- The Washington Times - Tuesday, December 27, 2005

Federal officials said the decision to allow scissors and tools on airplanes is aimed to reduce the workload of a shrinking staff of screeners, many of whom plan to become armed federal air marshals.

The pool of 55,000 airport screeners has dwindled to 43,000 since the federal government took control of private screening in November 2003, said one Transportation Security Administration (TSA) official.

“They took another 2,000 head-count cut; even if they maintain the numbers, they fall behind because the passenger numbers increase and the screeners decrease,” said a TSA official. “The only choice is to reduce the amount of work they are doing and possibly attract more screeners by using the Federal Air Marshal Service as a career path.”

Scissors with a four-inch cutting blade and screwdrivers, wrenches and pliers smaller than seven inches are now permitted in carry-on luggage.

“It’s not about scissors, it’s about bombs,” Edmund Hawley, TSA chief told a Senate committee on Dec. 12. “Sorting through thousands of bags a day at two or three minutes apiece to sort out small scissors and tools does not help security. It hurts it.”

The plan to set aside a certain percentage of available air marshal positions for former screeners has angered some in the elite service, almost all of whom come from a law-enforcement background.

A number of air marshals said the morale is so low in the agency that many of them are leaving for the border patrol, which received a shot of congressional funding to hire 1,700 new agents this year.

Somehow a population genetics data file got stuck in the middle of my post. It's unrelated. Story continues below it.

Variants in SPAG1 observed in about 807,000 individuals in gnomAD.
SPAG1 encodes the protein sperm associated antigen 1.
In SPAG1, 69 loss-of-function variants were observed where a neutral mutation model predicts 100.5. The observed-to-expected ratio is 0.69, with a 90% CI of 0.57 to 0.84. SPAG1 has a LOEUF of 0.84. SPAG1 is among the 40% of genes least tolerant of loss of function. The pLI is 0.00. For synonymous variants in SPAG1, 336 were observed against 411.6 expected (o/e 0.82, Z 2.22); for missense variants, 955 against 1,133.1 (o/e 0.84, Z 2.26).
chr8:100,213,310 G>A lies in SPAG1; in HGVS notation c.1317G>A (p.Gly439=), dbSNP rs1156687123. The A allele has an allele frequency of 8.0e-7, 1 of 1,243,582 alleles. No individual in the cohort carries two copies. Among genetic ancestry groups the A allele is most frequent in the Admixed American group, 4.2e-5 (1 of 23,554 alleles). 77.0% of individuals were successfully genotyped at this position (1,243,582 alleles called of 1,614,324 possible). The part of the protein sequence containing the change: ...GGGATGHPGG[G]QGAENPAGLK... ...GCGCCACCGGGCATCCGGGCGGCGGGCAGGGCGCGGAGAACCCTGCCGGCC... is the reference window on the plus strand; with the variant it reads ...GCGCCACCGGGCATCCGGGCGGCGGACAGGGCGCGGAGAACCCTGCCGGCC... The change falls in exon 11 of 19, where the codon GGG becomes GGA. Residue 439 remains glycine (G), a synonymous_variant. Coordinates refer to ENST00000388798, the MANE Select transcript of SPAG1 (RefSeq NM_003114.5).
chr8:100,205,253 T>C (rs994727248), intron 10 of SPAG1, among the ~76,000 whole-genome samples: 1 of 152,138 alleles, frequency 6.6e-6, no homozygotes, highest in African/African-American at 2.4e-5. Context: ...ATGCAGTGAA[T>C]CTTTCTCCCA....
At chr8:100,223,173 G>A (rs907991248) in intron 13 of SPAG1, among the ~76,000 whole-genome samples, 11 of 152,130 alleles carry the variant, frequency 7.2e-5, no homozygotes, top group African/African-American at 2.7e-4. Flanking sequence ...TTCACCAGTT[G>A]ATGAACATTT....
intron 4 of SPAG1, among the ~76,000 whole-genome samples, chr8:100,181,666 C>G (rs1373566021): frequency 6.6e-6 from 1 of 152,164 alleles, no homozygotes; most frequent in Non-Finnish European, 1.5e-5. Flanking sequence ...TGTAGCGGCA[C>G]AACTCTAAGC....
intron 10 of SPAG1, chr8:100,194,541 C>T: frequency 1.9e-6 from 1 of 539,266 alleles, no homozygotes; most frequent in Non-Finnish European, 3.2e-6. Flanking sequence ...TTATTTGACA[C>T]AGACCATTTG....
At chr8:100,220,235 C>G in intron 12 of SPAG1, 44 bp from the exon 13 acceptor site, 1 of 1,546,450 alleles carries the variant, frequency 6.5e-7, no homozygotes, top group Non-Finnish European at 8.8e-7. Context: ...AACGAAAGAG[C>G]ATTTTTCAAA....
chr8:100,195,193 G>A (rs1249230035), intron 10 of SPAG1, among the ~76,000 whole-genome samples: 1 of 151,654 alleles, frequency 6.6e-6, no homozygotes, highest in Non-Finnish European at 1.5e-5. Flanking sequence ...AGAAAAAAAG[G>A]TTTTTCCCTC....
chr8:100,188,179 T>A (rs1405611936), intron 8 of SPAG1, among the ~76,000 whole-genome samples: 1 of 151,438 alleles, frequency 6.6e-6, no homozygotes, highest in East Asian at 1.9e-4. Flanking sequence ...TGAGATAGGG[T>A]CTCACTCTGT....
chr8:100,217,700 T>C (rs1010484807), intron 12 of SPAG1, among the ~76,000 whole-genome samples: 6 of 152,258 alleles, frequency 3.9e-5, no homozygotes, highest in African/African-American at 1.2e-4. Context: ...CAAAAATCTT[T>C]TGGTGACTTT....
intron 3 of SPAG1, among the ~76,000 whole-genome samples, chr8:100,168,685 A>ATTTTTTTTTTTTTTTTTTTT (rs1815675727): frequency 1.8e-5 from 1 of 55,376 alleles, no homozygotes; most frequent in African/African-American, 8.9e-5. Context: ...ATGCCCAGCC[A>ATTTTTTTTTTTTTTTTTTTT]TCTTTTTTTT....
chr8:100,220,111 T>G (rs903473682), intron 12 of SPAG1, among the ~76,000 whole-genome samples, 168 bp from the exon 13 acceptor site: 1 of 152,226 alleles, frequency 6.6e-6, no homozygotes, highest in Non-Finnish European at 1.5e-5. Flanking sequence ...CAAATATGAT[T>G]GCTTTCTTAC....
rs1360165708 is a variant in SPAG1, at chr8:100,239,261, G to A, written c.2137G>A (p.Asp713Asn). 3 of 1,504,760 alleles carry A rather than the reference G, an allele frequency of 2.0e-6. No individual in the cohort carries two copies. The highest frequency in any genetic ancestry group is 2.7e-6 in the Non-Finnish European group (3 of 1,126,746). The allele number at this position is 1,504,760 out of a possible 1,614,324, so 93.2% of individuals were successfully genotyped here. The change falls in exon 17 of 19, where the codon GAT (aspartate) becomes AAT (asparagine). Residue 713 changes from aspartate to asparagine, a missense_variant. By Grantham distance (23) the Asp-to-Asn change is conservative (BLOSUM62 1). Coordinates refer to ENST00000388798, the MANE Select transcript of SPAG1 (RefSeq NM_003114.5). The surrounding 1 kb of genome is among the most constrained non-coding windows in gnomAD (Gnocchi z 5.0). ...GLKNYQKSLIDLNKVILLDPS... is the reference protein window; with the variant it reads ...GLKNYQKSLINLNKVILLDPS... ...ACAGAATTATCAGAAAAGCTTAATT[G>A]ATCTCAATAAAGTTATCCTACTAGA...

“I’m not going to work with a rookie screener,” said one air marshal who has applied for another government job.

“There is no way to train a rookie in this job, and there is no backup at 30,000 feet. It’s going to get people killed,” the marshal said.

A second air marshal said the Dec. 7 shooting in Miami of an American Airlines passenger who claimed he had a bomb underscores the law-enforcement expertise needed to do the job.

“Most guys have at least five years of law-enforcement experience. It’s not just being accurate with a pistol, but knowing how to deal with individual situations such as the Miami incident, and it takes a seasoned law-enforcement officer to know how to react in those situations,” the second marshal said.

“It’s pretty ridiculous. This job is not an entry-level law-enforcement position,” he said. “Hundreds, including myself, have applied to go to border patrol.”

“I think they could fish out of a deeper pond to get air marshals rather than going to screeners,” said one former air marshal.

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